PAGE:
Mar 062013
 

BISHOP ATHANASIUS DONOVAN

Bishop Athanasius Donovan sat at his office desk with a folder of letters and articles. It was a cold dreary day but his housekeeper, Mary, had lit a blazing fire and had greeted him warmly upon his return to Dublin.

“There ya are, Your Grace,” she said placing the silver tray upon his private dining table. “Nothing like a return to a proper Irish breakfast. I’ve added some extra sausages and bacon.”

The breakfast had been a welcomed meal.  Donovan had arrived home late and Mary had been in bed.  Father John, his assistant had not come home.   He usually was a good soul who could cook simple things or make sandwiches when Mary was not available.  With neither Mary or Father John availabe, the Bishop gave up the idea of food and drank sufficient whiskeys to help him fall asleep.images-2

Today, Donovan followed his daily routine: have breakfast, check his emails and letters and look at the folder that Father John prepared with added notes or suggestions.  Father John was bright, but also ambitious.  Donovan recognized the signs.  One newspaper clipping with the headline, “A Proposal to Get Rid of the Gay Menance,” had Father John’s note attached.  Student activist, comedian of ill repute, lesbian and trouble maker. No need to pay too much attention.

Donovan disagreed. He had read Rhea Connolly’s columns.  Her words were thoughtful and intelligent and sometimes downright funny, but he’d read her article before deciding she was no threat.  When he put the clipping down, he phoned Father John.

The door opened.  The figure of Father John sharply contrasted with the stoutnand balding Bishop.   Father John was a skinny, wiry individual with thick round glasses and large protruding eyes.

“Your Grace, glad to see your return.  You made a fine speech at the inter-faith meeting on ‘ Preservation of the Family.”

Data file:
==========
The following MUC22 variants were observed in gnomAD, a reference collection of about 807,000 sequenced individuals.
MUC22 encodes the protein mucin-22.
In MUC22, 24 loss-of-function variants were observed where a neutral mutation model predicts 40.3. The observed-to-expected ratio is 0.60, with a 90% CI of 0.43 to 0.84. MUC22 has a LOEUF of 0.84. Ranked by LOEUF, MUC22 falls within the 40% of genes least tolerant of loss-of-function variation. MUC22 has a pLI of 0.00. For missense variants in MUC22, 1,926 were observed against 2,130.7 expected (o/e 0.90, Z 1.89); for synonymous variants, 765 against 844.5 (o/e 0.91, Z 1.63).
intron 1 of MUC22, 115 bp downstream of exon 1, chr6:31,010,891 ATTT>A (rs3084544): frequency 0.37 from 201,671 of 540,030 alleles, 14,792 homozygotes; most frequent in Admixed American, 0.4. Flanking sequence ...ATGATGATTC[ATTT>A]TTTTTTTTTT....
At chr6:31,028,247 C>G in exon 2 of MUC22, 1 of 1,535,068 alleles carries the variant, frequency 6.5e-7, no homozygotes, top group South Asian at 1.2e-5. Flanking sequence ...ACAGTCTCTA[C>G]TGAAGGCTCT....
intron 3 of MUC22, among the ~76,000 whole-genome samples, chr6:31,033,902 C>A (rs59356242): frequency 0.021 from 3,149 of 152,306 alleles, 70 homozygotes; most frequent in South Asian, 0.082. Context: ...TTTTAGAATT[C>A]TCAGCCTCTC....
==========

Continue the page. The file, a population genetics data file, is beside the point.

“Yes, Father John,we have them on our side, Protestants, Jews, and Muslims.”

His Grace held up the clipping.

“That article,” Father John began, “it’s written by a student without much clout.”

“Really?  I have an email from the Parish Priest of All Saints, seems Rhea rallied the students from both UCD and Trinity for a march against the government and the Church.”

“Your Grace, ninety-nine percent of her articles are political and not religious.”

“Maybe, but open today’s paper and see how Ireland received it.”

Father John opened three papers to Opinions column.  He watched the expression on the Bishop’s face.  It didn’t look good.”

“More for her than against,” muttered the Bishop.

The phone rang and Father John answered it.

“Really?  How wonderful.  That’s just great!”

The Bishop waited for Father John’s explanations.

“It’s not good, your Grace.  She’s going to be a guest on ‘Ireland Laughs.’

“Ah, yes, another atheistic and hedonistic television show!”

“Father John, I want you to pop in to Oscar Wilde’s and monitor her show.”

“But, your Grace, that’s largely a homosexual audience. I could be recognised, I do get into the papers and on to the telly.”

Bishop’s crozer is symbolic of a shepherd’s crook. Bishops are asked to lead the faithful in living like Jesus.

“Good. Then, she’ll be aware that she is at a Catholic University.  Find out if she has any scholarships given by Catholic organizations.  Check out her family.  It will be you who puts the ‘screws on her.’ Inform me, but never link me to your adventures. Understand?”

“Completely, your Grace.

 

 

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